Asleep At The Wheel: Lazy Journalism and The Apple vs Qualcomm Dispute
by Daniel Newman | June 26, 2017
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Olivier Blanchard, Senior Analyst at Futurum Research also Contributed to this article. 

Last week, the Apple vs. Qualcomm Saga continued, with Apple responding to the recent actions undertaken by Qualcomm to attempt to enforce its standing contracts regarding the use of Qualcomm intellectual property in iPhone devices.

Let’s just say that it was no surprise when Apple’s response came that it was once again littered with questionable interpretations of the value of Qualcomm’s IP, the depth of Qualcomm’s contributions to technologies critical to the iPhone, and challenges to the fairness of Qualcomm’s licensing terms. More problematic, however, was the kerfuffle of red-delicious eyed media and analysts predictably giving Apple’s response a pass, and putting out articles jumping to the iPhone maker’s defense, clearly without so much as reading one page of the legal documents before parroting Apple’s position by default.

Over the past few months we have been regularly discussing this dispute between the two technology giants. Not just because talking about Apple makes for good reading, but because we see a much bigger story lurking underneath its dispute with Qualcomm – a story at the heart of which a battle is being waged for the future of – and access to – innovation. More than anything, we believe that there are two sides to every story, and feel that to simply accept the rhetoric coming from Apple, particularly as it relates to such a critical topic, is a form of dereliction of duty. It certainly is odd that so few seem interested in analyzing Qualcomm’s claims in earnest, or in remarking on the company’s relative silence in contrast to Apple’s invective.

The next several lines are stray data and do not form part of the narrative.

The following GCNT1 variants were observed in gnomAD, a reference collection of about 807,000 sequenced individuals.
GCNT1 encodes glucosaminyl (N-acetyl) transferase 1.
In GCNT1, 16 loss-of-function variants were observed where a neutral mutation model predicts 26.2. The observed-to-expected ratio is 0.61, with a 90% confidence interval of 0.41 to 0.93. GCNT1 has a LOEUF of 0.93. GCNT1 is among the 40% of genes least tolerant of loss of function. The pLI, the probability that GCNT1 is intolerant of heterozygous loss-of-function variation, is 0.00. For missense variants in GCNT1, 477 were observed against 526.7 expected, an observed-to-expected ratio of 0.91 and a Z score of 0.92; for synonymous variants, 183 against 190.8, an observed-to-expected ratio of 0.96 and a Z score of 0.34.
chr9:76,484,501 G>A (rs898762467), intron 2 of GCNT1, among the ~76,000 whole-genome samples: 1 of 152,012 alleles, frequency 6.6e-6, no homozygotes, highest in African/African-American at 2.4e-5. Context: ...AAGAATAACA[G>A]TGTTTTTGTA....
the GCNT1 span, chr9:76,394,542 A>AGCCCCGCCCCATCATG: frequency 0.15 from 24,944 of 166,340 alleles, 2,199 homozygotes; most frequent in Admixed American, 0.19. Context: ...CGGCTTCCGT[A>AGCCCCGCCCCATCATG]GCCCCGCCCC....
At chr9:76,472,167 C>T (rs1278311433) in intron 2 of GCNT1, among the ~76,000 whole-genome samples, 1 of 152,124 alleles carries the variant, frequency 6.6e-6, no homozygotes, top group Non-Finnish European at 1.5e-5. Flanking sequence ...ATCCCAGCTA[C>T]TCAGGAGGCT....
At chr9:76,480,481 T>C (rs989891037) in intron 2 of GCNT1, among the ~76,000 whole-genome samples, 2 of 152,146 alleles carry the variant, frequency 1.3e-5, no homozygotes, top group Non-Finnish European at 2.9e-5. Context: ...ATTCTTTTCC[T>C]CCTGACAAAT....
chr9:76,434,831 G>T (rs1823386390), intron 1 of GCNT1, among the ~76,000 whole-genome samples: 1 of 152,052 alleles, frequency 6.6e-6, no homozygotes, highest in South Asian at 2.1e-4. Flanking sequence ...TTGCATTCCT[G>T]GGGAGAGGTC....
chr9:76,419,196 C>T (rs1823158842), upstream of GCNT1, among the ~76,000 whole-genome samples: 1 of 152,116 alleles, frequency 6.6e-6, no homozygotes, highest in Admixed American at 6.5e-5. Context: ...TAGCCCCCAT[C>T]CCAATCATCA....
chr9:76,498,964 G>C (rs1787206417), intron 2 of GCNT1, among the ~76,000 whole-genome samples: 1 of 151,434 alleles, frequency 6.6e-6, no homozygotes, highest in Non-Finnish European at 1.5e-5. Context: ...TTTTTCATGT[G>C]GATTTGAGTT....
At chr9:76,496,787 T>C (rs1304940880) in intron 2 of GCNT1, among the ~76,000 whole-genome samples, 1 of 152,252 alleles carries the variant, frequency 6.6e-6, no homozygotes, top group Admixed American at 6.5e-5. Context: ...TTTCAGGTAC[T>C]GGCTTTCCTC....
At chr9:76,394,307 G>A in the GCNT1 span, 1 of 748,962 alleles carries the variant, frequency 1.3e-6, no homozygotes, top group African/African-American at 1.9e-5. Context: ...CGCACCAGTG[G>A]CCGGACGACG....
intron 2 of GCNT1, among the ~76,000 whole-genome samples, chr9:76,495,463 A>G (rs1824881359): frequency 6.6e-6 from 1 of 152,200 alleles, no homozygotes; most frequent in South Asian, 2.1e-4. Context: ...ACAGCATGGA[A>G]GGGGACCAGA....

Here are some basic facts: Together, Apple and Qualcomm have developed some of the most beautiful and popular mobile devices on the planet. If you believe Apple could have done it without Qualcomm, then just put your device in airplane mode. That will give you a taste of where Apple’s handheld universe would be without Qualcomm. Oh wait… Qualcomm also developed airplane mode. In fact, Qualcomm even invented the lock screen. The truth is that Qualcomm’s technology – much of it, critical and fundamental technology – is omnipresent in all smartphones. Apple can pretend otherwise, and try to minimize Qualcomm’s contributions to its ecosystem of mobile products, but that sort of propaganda doesn’t hold water, even when some journalists, analysts, and bloggers are either too lazy or too beholden to Apple to bother looking any of this up and fact-checking their own articles.

And now here we are. The danger here is that when a company feels that it can erode the value of innovation as a whole, blatantly disregard contracts simply because it doesn’t feel that it should have to pay for others’ critical R&D it chose to base its products on, and use the press as a propaganda machine to vilify its competitors, suppliers and partners, and slow the pace and scale of innovation to match its own, what we end up with isn’t good for anyone. It isn’t good for the technology sector, it isn’t good for investors, it isn’t good for the job market, and it certainly isn’t good for consumers. Long term, it isn’t even good for Apple.

With that out of the way, it’s important that we talk about Apple’s response so you can understand what they are claiming, and why we are throwing up red flags about it. Hopefully we can provide a bit more clarity on what we know, based on research, about the critical role Qualcomm and other companies that have invested heavily in mobile have played – and continue to play – in mobile innovation and in the brick-by-brick development of the mobile ecosystem as a whole. Rather than go through Apple’s entire response, which would take too long, let’s look at the part of Apple’s statement that most clearly frames its position. Per Apple: